The challenge of photographing bridge

“Your looks are laughable, unphotographical” wrote Rodgers and Hart in the classic song My Funny Valentine, “but you’re my favourite work of art.”

Is bridge also “unphotographical”? Such a thing matters little to us when absorbed in the game, but it is a bit of problem when publicising the game to others. How do you convey what bridge is all about, including the fun and the emotion of the game, with a picture?

Here are some of the problems we have encountered in our search for good pictures:

  • In a game of bridge, people are looking down at the cards, not smiling at the camera
  • If you photograph a game of bridge, at least one person will have their back to you
  • The interest of the game is hard to encapsulate in a picture. You have to explain what is going on

image

What is the solution? I am not going to pretend that this is a solved problem, but there are some approaches that may work better:

  • Photograph just one hand or part of the table
  • Don’t photograph people actually playing bridge. Photograph your lovely facilities, or people smiling because they are about to play bridge with the bridge tables in the background
  • Use a cartoon or drawing where the artist has freedom to make it look good

Of course photographers love a challenge, so maybe there are many creative ways to photograph bridge that we have not thought of. Needless to say we would love to see your photos or learn from your ideas.

We do also have some suitable pictures in our resource library for those registered to use this site, and we are about to add some drawings, so you will not be completely stuck when assembling publicity for your club or teaching course.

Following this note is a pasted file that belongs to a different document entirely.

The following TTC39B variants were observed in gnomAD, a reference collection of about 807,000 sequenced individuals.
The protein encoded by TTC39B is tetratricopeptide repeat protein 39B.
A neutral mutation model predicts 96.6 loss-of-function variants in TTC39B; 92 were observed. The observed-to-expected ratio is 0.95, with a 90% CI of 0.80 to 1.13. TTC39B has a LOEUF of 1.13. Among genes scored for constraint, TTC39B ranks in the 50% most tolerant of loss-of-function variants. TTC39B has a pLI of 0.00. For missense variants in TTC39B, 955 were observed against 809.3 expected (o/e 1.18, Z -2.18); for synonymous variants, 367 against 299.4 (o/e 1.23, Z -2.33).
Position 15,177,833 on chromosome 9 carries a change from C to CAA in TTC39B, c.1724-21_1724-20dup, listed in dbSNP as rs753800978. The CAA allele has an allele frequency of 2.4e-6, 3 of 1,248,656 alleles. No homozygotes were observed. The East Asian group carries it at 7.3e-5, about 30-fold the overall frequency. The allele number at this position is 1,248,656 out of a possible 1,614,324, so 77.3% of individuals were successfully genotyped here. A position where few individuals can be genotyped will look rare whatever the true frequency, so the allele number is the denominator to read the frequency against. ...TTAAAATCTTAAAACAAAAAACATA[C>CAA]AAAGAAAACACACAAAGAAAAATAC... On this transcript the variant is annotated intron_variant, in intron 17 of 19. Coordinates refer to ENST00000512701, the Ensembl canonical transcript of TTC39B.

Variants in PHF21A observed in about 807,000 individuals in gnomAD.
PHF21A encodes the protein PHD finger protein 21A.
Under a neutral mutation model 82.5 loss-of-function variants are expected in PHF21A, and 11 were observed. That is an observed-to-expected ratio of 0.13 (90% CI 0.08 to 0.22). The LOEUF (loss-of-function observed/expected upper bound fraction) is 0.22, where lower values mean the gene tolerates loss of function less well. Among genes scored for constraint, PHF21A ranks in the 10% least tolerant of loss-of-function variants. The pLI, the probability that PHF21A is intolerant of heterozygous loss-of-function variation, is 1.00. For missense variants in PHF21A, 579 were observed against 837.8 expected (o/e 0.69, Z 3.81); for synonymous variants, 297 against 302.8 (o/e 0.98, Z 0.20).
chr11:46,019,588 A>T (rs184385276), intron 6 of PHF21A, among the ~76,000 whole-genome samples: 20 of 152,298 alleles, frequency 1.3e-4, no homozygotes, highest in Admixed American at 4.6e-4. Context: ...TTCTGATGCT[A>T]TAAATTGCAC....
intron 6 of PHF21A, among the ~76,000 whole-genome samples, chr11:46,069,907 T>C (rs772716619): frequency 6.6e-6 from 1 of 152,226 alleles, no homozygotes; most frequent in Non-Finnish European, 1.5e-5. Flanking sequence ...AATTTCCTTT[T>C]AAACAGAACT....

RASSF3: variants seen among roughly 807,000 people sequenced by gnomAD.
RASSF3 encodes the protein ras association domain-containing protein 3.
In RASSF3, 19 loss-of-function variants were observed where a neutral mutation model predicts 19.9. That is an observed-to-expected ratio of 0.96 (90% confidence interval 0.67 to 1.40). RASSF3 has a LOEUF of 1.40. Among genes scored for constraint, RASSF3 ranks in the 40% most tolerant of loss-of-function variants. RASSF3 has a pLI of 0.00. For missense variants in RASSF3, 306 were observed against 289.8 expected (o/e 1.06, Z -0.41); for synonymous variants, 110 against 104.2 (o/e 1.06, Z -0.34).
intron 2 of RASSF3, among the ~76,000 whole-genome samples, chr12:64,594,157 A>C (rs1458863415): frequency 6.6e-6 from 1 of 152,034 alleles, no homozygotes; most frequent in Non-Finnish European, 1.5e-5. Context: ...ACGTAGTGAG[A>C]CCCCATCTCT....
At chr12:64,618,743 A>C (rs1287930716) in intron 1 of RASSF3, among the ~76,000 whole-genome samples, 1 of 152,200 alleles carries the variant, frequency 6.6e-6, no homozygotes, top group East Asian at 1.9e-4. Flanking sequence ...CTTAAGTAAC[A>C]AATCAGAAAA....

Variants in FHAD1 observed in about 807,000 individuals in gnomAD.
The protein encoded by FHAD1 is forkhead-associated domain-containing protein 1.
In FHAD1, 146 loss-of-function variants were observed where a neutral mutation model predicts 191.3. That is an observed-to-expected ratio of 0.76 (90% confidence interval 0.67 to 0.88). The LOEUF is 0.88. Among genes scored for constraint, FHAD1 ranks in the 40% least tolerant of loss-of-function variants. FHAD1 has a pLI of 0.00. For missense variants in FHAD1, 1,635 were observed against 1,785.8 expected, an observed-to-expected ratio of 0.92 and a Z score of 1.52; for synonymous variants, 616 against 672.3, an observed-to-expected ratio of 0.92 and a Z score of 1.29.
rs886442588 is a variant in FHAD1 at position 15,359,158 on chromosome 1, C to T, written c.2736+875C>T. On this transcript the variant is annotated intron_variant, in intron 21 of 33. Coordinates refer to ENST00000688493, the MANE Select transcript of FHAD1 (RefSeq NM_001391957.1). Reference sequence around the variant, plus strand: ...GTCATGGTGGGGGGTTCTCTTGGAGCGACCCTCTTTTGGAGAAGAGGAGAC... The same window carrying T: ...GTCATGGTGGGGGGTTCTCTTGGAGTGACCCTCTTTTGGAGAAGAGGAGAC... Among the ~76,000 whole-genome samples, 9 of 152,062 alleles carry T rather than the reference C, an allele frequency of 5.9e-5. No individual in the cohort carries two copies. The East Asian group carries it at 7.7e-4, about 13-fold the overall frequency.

One final but important note: both common courtesy and the law require that people who are identifiable give their permission before you use pictures including them for publicity, including social media as well as printed publicity. Get written permission so there is no room for doubt.

2 thoughts on “The challenge of photographing bridge”

  1. For an immersive experience, how about 3D (360° or “sphere”) photos where the viewer can scroll around the table or room?

    In my view, from a marketing perspective the single biggest impediment to mass adoption of bridge, is the total lack of household name or “celebrity” involvement.
    A few non-bridge players may know Bill Gates plays bridge, or even Warren Buffet. But these characters are certainly not in the league of Omar Sharif. Bridge was more current, more in the news pre-80s. Possibly the fame and controversy of the Italian Blue team, Terence Reese etc helped keep things in the news. Bridge had respect as a game amongst lay people. Does it now?

    1. Thanks for your comment. The 360 is a nice idea but I am thinking of photos to put on leaflets, ads etc.

      Celebrity endorsements and news stories help, but we find that wherever an opportunity to learn bridge is carefully advertised, a lot of people do come forward. That suggests we can increase the number of people playing by tapping into this latent demand.

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